Victoria and Albert Museum
Artillery Row Books

Museums need to refocus on their collections

Dinah Casson’s book will inspire and galvanise anyone involved in British provincial museums

Museums around the world were doing rather well before the pandemic. Visitor numbers have steadily grown over the last fifteen years. In 2018 almost 50 million people visited museums across Britain. Tate Modern, The Natural History Museum and The Victoria and Albert were in the top ten of the most popular museums worldwide according to You Gov. Reasons can be deduced: cheap air travel, free entry and selfies in front of masterpieces. A museum has become a cool place to hang out, give parties and even get married. Today many special exhibitions reflect contemporary culture. Alexander Mc Queen at the V and A and Manga at the British Museum have been sell outs. 

Closed on Mondays: Behind the Scenes at The Museum is a personal story about the considerable achievements, the highs and lows, dramas and challenges of the author’s architectural practice Casson Mann. Diana Casson writes that it is “a collection of explorations of topics which I tripped over during my working life in museums as a designer.” She has put together a thought-provoking meander through how art should be displayed, framed viewed and labelled and along the way but she talks about facsimiles, cloakrooms and collectors – collecting is a result of unresolved potty training, declared Sigmund Freud.

Closed on Mondays: Behind the Scenes at the Museum, Dinah Casson, Lund Humphries, £29.95.

Casson guides us with illustrations through some of the world’s most glamorous museums and some niche British ones. She strongly believes that museums should reflect their town or city. In the first chapter of the book entitled “In Praise of Windows” she cites her favourite museums – amongst others are the Burrell Collection, Glasgow; the Peggy Guggenheim Collection Venice; and the Calouste Gulbenkian Museum Lisbon. All these galleries have large windows so can one see what’s going on outside.

It is cheering to read that we might be one day able to see again treasures destroyed or looted in the Middle Eastern wars. The lost arch of Palmyra and other very famous works of art have been reproduced through scanning and fabrication technology known as photogrammetry. Cloakrooms are situated in inconvenient places says Casson. Apparently at the Museum of Ancient Art in Dahlen coats became installations and visitors were invited to place their belonging in one of twenty-six display cases in the foyer.

The traditional picture label – title of picture, artists name and dates – also comes under examination. Casson thinks labels should connect with the viewer and recommends pictures should be arranged according to emotion and feelings such as Self-Knowledge, Love, Fear, Compassion,  and Suffering. I agree that a very brief bit of personal information would be useful in explaining why the picture was painted – Van Gogh’s “Sunflowers” springs to mind.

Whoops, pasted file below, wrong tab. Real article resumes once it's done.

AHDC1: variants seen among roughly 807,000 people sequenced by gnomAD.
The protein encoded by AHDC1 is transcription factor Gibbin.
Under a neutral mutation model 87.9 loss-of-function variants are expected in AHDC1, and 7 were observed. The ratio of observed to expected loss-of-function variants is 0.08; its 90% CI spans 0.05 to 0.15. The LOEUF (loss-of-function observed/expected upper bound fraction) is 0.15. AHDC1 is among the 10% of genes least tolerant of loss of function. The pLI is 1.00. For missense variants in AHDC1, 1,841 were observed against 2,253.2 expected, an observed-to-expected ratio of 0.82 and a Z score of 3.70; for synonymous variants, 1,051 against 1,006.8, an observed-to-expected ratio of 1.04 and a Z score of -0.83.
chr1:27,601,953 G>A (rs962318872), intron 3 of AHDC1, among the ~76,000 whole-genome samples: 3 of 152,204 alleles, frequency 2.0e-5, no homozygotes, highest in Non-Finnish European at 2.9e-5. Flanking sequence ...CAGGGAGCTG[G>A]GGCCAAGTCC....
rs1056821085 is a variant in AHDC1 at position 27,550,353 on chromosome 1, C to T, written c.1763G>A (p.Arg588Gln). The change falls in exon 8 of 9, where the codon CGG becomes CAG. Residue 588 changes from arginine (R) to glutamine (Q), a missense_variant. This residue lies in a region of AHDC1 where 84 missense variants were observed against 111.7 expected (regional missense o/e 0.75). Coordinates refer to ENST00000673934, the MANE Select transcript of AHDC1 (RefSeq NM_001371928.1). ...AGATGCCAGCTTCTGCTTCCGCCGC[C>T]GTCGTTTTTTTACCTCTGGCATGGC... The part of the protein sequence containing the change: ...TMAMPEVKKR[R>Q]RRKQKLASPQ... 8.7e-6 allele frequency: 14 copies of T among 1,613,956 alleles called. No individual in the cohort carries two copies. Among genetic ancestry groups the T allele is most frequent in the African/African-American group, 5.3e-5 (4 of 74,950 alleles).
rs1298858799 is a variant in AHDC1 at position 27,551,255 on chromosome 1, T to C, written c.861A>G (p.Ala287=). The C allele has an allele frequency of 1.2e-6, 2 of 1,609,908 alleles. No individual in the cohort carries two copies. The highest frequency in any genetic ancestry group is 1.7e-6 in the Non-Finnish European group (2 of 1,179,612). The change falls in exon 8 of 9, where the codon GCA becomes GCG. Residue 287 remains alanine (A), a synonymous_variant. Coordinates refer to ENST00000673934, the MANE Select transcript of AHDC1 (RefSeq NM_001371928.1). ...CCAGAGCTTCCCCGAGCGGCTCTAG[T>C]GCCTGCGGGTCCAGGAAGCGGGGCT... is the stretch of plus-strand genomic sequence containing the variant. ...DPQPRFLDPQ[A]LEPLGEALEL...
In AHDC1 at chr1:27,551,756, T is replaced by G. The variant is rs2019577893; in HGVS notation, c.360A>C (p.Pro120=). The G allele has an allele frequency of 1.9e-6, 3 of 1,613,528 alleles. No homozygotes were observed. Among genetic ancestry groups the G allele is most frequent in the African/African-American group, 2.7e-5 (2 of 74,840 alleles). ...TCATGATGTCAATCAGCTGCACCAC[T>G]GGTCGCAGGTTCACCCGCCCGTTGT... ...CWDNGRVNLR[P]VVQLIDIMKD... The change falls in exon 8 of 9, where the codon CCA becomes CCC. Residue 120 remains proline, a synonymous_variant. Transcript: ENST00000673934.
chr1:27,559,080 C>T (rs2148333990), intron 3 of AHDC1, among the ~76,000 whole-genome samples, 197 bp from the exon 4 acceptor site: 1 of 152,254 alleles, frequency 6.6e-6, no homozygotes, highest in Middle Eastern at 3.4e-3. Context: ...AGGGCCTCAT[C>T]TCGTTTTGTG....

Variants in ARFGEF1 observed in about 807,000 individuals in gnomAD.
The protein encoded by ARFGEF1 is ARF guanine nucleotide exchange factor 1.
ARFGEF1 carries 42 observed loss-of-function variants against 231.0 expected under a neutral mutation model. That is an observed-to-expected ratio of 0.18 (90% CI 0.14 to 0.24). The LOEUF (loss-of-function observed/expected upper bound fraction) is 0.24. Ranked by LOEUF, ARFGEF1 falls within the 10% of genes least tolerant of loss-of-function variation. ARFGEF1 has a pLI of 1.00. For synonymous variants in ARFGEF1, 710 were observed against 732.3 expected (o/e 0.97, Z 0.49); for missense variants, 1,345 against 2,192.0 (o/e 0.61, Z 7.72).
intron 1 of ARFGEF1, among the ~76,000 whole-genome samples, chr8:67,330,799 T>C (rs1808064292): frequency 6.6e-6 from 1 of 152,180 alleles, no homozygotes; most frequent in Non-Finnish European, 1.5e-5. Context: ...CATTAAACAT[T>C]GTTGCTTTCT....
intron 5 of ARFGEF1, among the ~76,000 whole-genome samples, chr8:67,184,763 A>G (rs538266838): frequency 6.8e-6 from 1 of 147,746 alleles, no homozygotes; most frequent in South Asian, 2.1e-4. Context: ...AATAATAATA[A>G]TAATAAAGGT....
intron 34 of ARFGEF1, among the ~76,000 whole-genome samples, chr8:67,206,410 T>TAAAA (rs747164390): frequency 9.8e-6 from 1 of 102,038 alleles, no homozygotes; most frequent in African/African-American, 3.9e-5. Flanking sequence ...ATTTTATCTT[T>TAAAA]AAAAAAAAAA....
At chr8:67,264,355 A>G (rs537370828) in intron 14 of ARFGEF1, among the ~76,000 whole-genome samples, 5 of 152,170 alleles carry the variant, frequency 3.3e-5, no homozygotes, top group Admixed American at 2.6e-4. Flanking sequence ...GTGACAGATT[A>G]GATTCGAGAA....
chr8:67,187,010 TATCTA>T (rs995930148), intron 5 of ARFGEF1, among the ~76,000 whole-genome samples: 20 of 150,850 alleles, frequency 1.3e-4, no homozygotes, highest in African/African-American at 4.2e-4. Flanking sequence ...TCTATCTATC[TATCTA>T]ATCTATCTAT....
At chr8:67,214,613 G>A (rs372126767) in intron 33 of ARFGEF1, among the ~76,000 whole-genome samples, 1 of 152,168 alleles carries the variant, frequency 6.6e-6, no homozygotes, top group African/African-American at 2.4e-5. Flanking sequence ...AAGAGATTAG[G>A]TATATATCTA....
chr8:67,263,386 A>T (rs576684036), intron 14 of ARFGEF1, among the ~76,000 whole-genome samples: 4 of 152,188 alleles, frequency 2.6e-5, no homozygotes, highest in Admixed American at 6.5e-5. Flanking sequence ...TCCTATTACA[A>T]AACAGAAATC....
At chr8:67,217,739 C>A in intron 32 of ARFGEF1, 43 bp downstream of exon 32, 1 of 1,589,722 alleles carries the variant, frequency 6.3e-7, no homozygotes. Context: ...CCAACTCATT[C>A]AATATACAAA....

Swingeing budget cuts have left so many gallery staff without a proper direction and low morale

I enjoy and appreciate the questions posed in the text and variety of sources referenced: Bruce Chatwin’s novel Utz, John Berger’s Ways of Seeing and artist J. W. Turner’s views on framing. However, I don’t agree with Christopher Fraying who writes in the introduction and Casson’s opinions in the body of the book that museums used to be depressing places to visit. “Dreary, dusty places enlivened by toe curling (if that’s the word) which assume that visitors all aspire to be post graduate art historians,” Fraying sneers. Casson talks about the need for an aspirin in an old gallery without windows and comments that there is little point in regretting modernisation. Subtle technical updates are good but with sensitivity. Through dramatic overhauls and objects demanding to be seen we could lose some of the beguiling magical and curious jumble of Victorian museums.

My great joy in childhood was to spend many an hour at the Victoria and Albert Museum discovering treasures languishing quietly in a corner that I thought no one else knew about. Surely for a generation bombarded by noise and images, museums should be a space for quiet, intense study and a personal relationship with the objects? Tourists on whistle stop tours can be guided round the museum’s superstars by an audio guide. Many modern museums are grandiloquent statements by star architects. For example, the gallery space of much lauded Bilbao Guggenheim overpowers and diminishes the effect of the greats of twentieth century art.

This book should be required reading for anyone involved in British provincial museums to inspire and galvanise. Swingeing budget cuts have left so many without a proper direction and low staff morale. Leicester Art Gallery seems to have let go its full-time curator. The disinterest and ignorance of staff about their exceptional collection of German Expressionists was depressing. The Southampton City Art Gallery only shows 200 pieces from a collection of 3700.

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